Protease-activated receptor 4 (PAR4) mediates sustained thrombin signaling in platelets and is required for a stable thrombus. PAR4 is activated by proteolysis of the N terminus to expose a tethered ligand. The structural basis for PAR4 activation and the location of its ligand binding site (LBS) are unknown. Using hydrogen/deuterium exchange (H/D exchange), computational modeling, and signaling studies, we determined the molecular mechanism for tethered ligand-mediated PAR4 activation. H/D exchange identified that the LBS is composed of transmembrane 3 (TM3) domain and TM7. Unbiased computationalmodeling further predicted an interaction between Gly48 from the tethered ligand and Thr153 from the LBS. Mutating Thr153 significantly decreased PAR4 signaling. H/D exchange and modeling also showed that extracellular loop 3 (ECL3) serves as a gatekeeper for the interaction between the tethered ligand and LBS. A naturally occurring sequence variant (P310L, rs2227376) and 2 experimental mutations (S311A and P312L) determined that the rigidity conferred by prolines in ECL3 are essential for PAR4 activation. Finally, we examined the role of the polymorphism at position 310 in venous thromboembolism (VTE) using the International Network Against Venous Thrombosis (INVENT) consortium multi-ancestry genome-wide association study (GWAS) meta-analysis. Individuals with the PAR4 Leu310 allele had a 15% reduction in relative risk for VTE (odds ratio, 0.85; 95%confidence interval, 0.77-0.94) compared with the Pro310 allele. These data are consistentwith our H/D exchange, molecular modeling, and signaling studies. In conclusion, we have uncovered the structural basis for PAR4 activation and identified a previously unrecognized role for PAR4 in VTE.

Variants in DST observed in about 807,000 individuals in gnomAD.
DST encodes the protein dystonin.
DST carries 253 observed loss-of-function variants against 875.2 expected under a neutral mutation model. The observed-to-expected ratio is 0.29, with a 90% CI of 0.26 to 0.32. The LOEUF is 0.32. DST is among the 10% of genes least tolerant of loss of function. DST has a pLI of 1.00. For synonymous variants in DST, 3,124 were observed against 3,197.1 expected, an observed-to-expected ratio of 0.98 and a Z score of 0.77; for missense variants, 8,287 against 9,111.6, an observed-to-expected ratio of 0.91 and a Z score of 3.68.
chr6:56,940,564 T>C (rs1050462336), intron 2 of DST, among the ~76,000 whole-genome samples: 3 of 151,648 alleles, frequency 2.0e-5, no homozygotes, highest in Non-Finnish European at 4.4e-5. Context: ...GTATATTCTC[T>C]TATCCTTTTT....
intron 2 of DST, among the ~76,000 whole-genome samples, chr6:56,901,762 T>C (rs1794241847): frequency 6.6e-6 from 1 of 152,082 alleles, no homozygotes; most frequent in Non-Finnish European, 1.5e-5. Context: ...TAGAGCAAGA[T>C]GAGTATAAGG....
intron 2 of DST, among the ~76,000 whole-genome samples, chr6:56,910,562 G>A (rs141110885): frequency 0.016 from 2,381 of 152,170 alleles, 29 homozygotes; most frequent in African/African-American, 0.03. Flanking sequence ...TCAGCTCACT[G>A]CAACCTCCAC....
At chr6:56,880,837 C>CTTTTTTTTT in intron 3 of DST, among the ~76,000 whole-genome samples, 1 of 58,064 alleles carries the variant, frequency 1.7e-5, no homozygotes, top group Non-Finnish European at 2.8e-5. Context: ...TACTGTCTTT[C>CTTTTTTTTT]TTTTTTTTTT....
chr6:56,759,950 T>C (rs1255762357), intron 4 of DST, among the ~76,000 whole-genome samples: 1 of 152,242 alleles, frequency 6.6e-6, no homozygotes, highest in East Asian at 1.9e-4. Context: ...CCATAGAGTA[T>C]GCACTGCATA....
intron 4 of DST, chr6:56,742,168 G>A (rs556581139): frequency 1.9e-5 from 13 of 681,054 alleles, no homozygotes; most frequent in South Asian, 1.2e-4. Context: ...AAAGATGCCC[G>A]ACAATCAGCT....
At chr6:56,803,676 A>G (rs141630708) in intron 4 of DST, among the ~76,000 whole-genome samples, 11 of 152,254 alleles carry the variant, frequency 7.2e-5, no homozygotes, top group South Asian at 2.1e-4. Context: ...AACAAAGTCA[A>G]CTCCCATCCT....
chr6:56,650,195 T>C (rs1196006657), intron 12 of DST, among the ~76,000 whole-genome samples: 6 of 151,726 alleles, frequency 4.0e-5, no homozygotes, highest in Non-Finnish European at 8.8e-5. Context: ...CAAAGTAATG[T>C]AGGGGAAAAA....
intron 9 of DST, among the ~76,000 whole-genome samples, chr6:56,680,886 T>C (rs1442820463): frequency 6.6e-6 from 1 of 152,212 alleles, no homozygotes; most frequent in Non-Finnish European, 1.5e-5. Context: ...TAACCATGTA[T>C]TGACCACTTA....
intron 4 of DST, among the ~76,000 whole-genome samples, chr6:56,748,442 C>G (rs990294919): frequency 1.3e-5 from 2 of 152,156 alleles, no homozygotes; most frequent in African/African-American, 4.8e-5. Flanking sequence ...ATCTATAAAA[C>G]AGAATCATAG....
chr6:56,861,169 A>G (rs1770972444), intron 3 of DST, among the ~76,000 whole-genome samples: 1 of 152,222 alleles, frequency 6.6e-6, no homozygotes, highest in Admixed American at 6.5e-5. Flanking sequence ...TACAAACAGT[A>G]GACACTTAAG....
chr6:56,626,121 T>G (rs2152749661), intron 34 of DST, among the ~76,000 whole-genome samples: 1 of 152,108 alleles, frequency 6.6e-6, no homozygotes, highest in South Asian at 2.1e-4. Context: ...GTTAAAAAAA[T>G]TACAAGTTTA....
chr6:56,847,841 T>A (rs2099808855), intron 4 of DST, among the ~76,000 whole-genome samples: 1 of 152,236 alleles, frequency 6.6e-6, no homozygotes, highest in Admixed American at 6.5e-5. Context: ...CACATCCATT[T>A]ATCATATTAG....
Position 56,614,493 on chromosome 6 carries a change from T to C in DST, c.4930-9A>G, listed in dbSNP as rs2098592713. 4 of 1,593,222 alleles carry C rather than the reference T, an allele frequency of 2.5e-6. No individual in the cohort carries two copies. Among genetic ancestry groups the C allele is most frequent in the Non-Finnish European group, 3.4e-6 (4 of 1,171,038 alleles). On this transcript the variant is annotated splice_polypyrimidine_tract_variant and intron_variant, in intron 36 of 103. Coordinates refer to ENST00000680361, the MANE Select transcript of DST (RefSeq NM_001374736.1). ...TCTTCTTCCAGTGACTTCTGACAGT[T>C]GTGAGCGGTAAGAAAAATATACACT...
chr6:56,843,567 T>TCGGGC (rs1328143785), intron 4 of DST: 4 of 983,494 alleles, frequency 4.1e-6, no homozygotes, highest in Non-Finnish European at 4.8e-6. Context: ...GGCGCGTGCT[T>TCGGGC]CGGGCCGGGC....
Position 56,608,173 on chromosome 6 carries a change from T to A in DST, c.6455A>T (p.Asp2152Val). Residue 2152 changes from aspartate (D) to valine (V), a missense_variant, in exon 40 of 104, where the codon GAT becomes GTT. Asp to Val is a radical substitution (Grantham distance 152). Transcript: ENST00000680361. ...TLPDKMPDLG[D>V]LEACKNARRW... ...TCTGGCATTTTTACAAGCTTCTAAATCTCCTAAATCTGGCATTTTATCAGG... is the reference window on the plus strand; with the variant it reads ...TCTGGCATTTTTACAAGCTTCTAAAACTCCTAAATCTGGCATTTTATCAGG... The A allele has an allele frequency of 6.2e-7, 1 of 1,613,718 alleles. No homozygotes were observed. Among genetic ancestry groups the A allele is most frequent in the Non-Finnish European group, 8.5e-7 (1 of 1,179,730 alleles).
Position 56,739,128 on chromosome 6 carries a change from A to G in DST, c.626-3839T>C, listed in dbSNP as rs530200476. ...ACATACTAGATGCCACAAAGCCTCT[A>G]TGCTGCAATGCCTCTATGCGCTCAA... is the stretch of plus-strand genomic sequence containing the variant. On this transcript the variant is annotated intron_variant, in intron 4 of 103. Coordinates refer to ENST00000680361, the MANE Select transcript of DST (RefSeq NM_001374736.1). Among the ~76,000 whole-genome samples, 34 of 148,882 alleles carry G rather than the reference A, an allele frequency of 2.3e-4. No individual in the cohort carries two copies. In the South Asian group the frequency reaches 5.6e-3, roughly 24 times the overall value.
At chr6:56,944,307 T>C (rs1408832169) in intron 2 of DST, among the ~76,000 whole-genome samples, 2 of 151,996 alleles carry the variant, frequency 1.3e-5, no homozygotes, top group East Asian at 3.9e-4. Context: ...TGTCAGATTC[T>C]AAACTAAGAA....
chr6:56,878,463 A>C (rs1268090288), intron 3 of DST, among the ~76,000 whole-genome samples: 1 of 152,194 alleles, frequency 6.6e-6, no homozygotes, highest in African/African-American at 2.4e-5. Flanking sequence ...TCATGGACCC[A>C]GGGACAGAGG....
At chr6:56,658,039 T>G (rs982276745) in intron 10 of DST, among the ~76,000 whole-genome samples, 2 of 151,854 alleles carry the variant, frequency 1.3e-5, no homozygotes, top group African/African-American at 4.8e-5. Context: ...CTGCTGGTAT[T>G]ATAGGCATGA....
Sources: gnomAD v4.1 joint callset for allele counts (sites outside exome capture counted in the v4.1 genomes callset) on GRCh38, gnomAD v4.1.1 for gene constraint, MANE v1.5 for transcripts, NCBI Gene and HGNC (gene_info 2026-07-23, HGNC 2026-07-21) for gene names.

|Number of pages||12|
|State||Published - 5 Nov 2020|
Bibliographical noteFunding Information:
This study was supported by a grant from the National Institutes of Health (NIH) National Heart Lung and Blood Institute (NHLBI) (HL098217) (M.T.N.) and the American Heart Association (15GRNT25090222) (M.T.N.). X.H. received research funding from the American Heart Association 2018 Predoctoral Fellowship (18PRE33960396) and is cofunded by the Schwab Charitable Fund. This research was supported in part by grant R24EY027283 to K.P. from the NIH National Eye Institute and the Immune Core Facility in the CWRU/UH Center for AIDS Research (NIH grant: P30 AI036219). The authors also acknowledge support from an RPB unrestricted grant to the Department of Ophthalmology, University of California, Irvine. The INVENT Consortium is supported in part by NIH, NHLBI grant HL134894.
© 2020 by The American Society of Hematology.